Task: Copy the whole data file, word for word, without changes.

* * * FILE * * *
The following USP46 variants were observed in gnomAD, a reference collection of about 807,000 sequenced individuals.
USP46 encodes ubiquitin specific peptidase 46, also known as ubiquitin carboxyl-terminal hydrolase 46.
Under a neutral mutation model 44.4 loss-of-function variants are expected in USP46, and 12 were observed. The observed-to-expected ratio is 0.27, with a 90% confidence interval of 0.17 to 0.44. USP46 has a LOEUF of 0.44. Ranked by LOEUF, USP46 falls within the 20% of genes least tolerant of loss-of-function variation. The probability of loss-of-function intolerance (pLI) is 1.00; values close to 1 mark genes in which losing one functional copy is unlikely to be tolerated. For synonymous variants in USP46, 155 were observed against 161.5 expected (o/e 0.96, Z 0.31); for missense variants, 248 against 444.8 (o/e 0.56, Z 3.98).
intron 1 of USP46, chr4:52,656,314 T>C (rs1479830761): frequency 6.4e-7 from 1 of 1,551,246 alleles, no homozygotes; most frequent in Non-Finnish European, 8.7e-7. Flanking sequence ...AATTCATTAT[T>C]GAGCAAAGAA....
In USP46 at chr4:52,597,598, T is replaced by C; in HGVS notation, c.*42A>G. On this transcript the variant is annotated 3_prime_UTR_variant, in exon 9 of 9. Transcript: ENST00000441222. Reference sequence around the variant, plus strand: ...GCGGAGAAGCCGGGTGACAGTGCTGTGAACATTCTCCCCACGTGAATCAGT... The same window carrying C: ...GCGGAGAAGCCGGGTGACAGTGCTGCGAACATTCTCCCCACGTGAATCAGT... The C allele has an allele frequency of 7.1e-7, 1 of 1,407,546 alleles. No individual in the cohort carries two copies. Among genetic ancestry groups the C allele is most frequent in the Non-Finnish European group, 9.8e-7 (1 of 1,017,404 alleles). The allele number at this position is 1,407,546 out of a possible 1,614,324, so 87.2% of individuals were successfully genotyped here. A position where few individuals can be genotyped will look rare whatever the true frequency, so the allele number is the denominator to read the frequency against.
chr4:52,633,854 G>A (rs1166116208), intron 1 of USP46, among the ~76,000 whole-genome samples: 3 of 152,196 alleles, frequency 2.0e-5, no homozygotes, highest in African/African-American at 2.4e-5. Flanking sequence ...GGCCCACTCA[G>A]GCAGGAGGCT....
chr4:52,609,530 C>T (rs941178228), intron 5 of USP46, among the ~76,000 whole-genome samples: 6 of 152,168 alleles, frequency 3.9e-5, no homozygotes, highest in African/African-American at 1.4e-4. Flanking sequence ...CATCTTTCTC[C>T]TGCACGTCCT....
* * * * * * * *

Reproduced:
The following USP46 variants were observed in gnomAD, a reference collection of about 807,000 sequenced individuals.
USP46 encodes ubiquitin specific peptidase 46, also known as ubiquitin carboxyl-terminal hydrolase 46.
Under a neutral mutation model 44.4 loss-of-function variants are expected in USP46, and 12 were observed. The observed-to-expected ratio is 0.27, with a 90% confidence interval of 0.17 to 0.44. USP46 has a LOEUF of 0.44. Ranked by LOEUF, USP46 falls within the 20% of genes least tolerant of loss-of-function variation. The probability of loss-of-function intolerance (pLI) is 1.00; values close to 1 mark genes in which losing one functional copy is unlikely to be tolerated. For synonymous variants in USP46, 155 were observed against 161.5 expected (o/e 0.96, Z 0.31); for missense variants, 248 against 444.8 (o/e 0.56, Z 3.98).
intron 1 of USP46, chr4:52,656,314 T>C (rs1479830761): frequency 6.4e-7 from 1 of 1,551,246 alleles, no homozygotes; most frequent in Non-Finnish European, 8.7e-7. Flanking sequence ...AATTCATTAT[T>C]GAGCAAAGAA....
In USP46 at chr4:52,597,598, T is replaced by C; in HGVS notation, c.*42A>G. On this transcript the variant is annotated 3_prime_UTR_variant, in exon 9 of 9. Transcript: ENST00000441222. Reference sequence around the variant, plus strand: ...GCGGAGAAGCCGGGTGACAGTGCTGTGAACATTCTCCCCACGTGAATCAGT... The same window carrying C: ...GCGGAGAAGCCGGGTGACAGTGCTGCGAACATTCTCCCCACGTGAATCAGT... The C allele has an allele frequency of 7.1e-7, 1 of 1,407,546 alleles. No individual in the cohort carries two copies. Among genetic ancestry groups the C allele is most frequent in the Non-Finnish European group, 9.8e-7 (1 of 1,017,404 alleles). The allele number at this position is 1,407,546 out of a possible 1,614,324, so 87.2% of individuals were successfully genotyped here. A position where few individuals can be genotyped will look rare whatever the true frequency, so the allele number is the denominator to read the frequency against.
chr4:52,633,854 G>A (rs1166116208), intron 1 of USP46, among the ~76,000 whole-genome samples: 3 of 152,196 alleles, frequency 2.0e-5, no homozygotes, highest in African/African-American at 2.4e-5. Flanking sequence ...GGCCCACTCA[G>A]GCAGGAGGCT....
chr4:52,609,530 C>T (rs941178228), intron 5 of USP46, among the ~76,000 whole-genome samples: 6 of 152,168 alleles, frequency 3.9e-5, no homozygotes, highest in African/African-American at 1.4e-4. Flanking sequence ...CATCTTTCTC[C>T]TGCACGTCCT....